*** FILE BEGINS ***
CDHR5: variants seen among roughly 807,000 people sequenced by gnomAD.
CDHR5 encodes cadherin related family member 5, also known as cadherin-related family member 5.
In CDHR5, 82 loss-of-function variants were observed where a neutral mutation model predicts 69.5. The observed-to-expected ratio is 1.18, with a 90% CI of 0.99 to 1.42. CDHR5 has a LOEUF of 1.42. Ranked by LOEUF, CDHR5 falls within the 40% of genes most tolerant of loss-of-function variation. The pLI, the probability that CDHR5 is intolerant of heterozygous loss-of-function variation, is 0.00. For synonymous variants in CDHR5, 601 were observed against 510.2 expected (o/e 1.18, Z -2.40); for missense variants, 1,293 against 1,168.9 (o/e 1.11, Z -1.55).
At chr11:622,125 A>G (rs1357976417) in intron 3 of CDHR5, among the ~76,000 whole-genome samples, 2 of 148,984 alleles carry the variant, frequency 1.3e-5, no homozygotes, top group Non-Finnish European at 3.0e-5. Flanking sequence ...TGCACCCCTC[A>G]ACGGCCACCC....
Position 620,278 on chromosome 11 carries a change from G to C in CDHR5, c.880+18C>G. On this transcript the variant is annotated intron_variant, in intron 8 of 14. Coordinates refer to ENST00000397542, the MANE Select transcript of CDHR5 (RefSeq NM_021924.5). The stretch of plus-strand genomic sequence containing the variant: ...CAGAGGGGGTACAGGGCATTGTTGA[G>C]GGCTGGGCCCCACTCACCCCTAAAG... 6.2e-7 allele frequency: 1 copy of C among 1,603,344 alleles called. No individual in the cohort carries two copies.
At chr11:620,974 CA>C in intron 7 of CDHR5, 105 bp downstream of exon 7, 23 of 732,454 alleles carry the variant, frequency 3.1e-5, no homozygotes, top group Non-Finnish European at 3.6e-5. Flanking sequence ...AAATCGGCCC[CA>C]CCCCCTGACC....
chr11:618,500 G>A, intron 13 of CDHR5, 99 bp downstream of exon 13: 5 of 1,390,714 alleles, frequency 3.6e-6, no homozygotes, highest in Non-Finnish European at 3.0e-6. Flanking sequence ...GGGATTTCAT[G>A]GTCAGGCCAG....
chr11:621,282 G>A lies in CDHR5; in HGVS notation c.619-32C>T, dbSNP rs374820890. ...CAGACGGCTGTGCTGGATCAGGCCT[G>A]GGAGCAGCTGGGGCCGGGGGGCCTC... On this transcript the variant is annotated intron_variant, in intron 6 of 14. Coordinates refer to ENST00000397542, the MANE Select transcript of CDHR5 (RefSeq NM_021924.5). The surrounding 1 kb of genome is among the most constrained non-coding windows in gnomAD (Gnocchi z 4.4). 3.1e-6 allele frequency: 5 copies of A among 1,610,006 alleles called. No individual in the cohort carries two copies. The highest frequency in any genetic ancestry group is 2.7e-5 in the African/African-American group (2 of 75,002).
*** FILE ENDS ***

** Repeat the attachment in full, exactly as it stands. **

CDHR5: variants seen among roughly 807,000 people sequenced by gnomAD.
CDHR5 encodes cadherin related family member 5, also known as cadherin-related family member 5.
In CDHR5, 82 loss-of-function variants were observed where a neutral mutation model predicts 69.5. The observed-to-expected ratio is 1.18, with a 90% CI of 0.99 to 1.42. CDHR5 has a LOEUF of 1.42. Ranked by LOEUF, CDHR5 falls within the 40% of genes most tolerant of loss-of-function variation. The pLI, the probability that CDHR5 is intolerant of heterozygous loss-of-function variation, is 0.00. For synonymous variants in CDHR5, 601 were observed against 510.2 expected (o/e 1.18, Z -2.40); for missense variants, 1,293 against 1,168.9 (o/e 1.11, Z -1.55).
At chr11:622,125 A>G (rs1357976417) in intron 3 of CDHR5, among the ~76,000 whole-genome samples, 2 of 148,984 alleles carry the variant, frequency 1.3e-5, no homozygotes, top group Non-Finnish European at 3.0e-5. Flanking sequence ...TGCACCCCTC[A>G]ACGGCCACCC....
Position 620,278 on chromosome 11 carries a change from G to C in CDHR5, c.880+18C>G. On this transcript the variant is annotated intron_variant, in intron 8 of 14. Coordinates refer to ENST00000397542, the MANE Select transcript of CDHR5 (RefSeq NM_021924.5). The stretch of plus-strand genomic sequence containing the variant: ...CAGAGGGGGTACAGGGCATTGTTGA[G>C]GGCTGGGCCCCACTCACCCCTAAAG... 6.2e-7 allele frequency: 1 copy of C among 1,603,344 alleles called. No individual in the cohort carries two copies.
At chr11:620,974 CA>C in intron 7 of CDHR5, 105 bp downstream of exon 7, 23 of 732,454 alleles carry the variant, frequency 3.1e-5, no homozygotes, top group Non-Finnish European at 3.6e-5. Flanking sequence ...AAATCGGCCC[CA>C]CCCCCTGACC....
chr11:618,500 G>A, intron 13 of CDHR5, 99 bp downstream of exon 13: 5 of 1,390,714 alleles, frequency 3.6e-6, no homozygotes, highest in Non-Finnish European at 3.0e-6. Flanking sequence ...GGGATTTCAT[G>A]GTCAGGCCAG....
chr11:621,282 G>A lies in CDHR5; in HGVS notation c.619-32C>T, dbSNP rs374820890. ...CAGACGGCTGTGCTGGATCAGGCCT[G>A]GGAGCAGCTGGGGCCGGGGGGCCTC... On this transcript the variant is annotated intron_variant, in intron 6 of 14. Coordinates refer to ENST00000397542, the MANE Select transcript of CDHR5 (RefSeq NM_021924.5). The surrounding 1 kb of genome is among the most constrained non-coding windows in gnomAD (Gnocchi z 4.4). 3.1e-6 allele frequency: 5 copies of A among 1,610,006 alleles called. No individual in the cohort carries two copies. The highest frequency in any genetic ancestry group is 2.7e-5 in the African/African-American group (2 of 75,002).